Let’s see –
I've made good use of my sewing kit several times over the years to sew buttons back on me britches and sometimes my shirt. On a cycle tour my partner sewed up a rip in his shirt using my sewing kit which was better than the "hotel" type he carried. On short tips this isn’t a big deal but on long trips it is a drag to be missing buttons on yer pants.
I've used tape to cover holes in a down jacket, and to tape interesting stuff into my journal.
Once or twice I've repaired a hole in thermarest mattress. To work properly these things have to hold air, so this bit of kit is essential.
On my very last trip I needed to pull out my book of paper matches when my lighter was too cold to work one morning.
The tiny mirror in the Silva compass has gotten used by my wife many times fiddling with her contacts, and once on a canoe trip I actually dug it out and took a bearing!
I can’t think of anything interesting or exciting that I’ve done with the spare cord, but it is certainly the most versatile and essential bit of kit in my mind.
I can’t recall ever using the trioxane bar for emergency fire starting, but I carry it anyway. If I’m having trouble starting a fire or everything is wet and my wife doesn’t want to wait for me to play backwoodsman and split dry kindling from a dead old growth tree trunk with my tiny pocket knife, she simply pulls a wax and sawdust fire starter out of her pack and is done with it!
So, I carry just what I’ve found useful over the years, and that trioxane bar so I know that no matter what I can get a fire going.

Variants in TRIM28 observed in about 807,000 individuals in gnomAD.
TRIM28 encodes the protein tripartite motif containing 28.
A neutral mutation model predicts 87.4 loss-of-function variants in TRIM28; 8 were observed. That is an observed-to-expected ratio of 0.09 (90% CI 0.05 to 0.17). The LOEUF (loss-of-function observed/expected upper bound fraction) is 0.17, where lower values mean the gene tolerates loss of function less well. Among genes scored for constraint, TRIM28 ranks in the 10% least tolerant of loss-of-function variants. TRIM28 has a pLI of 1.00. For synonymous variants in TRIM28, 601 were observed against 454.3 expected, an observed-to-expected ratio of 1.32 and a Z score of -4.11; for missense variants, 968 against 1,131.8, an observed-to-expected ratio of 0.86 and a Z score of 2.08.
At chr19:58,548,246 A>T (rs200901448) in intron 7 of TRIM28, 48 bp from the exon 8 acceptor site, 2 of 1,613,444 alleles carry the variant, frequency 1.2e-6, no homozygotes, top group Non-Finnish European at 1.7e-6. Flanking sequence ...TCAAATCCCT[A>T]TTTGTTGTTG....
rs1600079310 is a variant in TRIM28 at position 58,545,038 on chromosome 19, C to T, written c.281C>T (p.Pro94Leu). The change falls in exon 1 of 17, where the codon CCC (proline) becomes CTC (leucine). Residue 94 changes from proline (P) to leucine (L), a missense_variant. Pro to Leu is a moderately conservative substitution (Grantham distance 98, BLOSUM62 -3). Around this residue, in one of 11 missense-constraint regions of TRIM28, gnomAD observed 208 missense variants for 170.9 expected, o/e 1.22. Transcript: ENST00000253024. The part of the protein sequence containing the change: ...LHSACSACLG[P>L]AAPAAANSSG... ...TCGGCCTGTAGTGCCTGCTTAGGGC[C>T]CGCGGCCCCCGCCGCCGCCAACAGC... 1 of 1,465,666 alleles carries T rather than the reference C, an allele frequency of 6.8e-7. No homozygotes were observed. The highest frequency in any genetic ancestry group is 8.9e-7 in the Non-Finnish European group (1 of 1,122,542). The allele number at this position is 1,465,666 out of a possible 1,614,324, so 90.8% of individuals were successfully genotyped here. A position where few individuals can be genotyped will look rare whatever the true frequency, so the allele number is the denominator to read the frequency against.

I can remember a few repairs I made over the years that really saved the day!
Eleven years ago my wife and I went on a canoe trip of the Bowron circuit up in Canada.
About halfway through the trip we came across a father and daughter from California that were having a tough time of it, and shared a cabin one night with them.
It was raining almost every day and all they had was that real cheap vinyl rain suits that were in tatters, and their MSR Whisperlight stove had clogged up and ceased working. The daughter was just about in tears and at the end of her endurance.
My wife and the daughter spread out their tattered rain garments on the floor of the cabin and put them back together with our small roll of tape ( intended for emergency canoe repairs ) and I dug out my MSR Whisperlight kit and replaced the jet in their stove. We spent a pleasant night together with lots of hot food and the next day they set out with renewed spirits, rain gear than might just last a few more days and a working stove, which really helps!
Anyone else ever “save the day” with yer repair kit?